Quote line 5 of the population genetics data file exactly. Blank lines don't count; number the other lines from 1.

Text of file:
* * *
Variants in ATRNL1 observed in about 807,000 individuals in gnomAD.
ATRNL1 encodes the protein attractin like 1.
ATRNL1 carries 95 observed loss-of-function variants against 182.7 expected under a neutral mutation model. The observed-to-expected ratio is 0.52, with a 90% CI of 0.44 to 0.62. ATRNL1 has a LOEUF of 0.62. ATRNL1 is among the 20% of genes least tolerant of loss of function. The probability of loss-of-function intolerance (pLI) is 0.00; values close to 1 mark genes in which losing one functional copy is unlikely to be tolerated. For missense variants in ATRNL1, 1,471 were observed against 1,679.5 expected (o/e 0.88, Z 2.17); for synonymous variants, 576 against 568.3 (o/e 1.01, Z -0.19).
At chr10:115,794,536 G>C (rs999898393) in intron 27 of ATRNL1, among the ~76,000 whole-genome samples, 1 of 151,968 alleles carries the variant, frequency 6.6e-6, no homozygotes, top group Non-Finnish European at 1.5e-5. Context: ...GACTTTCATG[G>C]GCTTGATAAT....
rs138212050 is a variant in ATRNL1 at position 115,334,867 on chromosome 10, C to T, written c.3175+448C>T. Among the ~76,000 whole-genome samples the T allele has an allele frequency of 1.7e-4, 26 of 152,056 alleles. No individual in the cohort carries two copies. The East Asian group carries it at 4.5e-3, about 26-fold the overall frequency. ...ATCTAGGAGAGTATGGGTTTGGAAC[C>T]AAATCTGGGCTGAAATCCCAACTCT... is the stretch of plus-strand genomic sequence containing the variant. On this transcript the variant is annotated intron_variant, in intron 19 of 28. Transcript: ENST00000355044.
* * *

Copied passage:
rs138212050 is a variant in ATRNL1 at position 115,334,867 on chromosome 10, C to T, written c.3175+448C>T. Among the ~76,000 whole-genome samples the T allele has an allele frequency of 1.7e-4, 26 of 152,056 alleles. No individual in the cohort carries two copies. The East Asian group carries it at 4.5e-3, about 26-fold the overall frequency. ...ATCTAGGAGAGTATGGGTTTGGAAC[C>T]AAATCTGGGCTGAAATCCCAACTCT... is the stretch of plus-strand genomic sequence containing the variant. On this transcript the variant is annotated intron_variant, in intron 19 of 28. Transcript: ENST00000355044.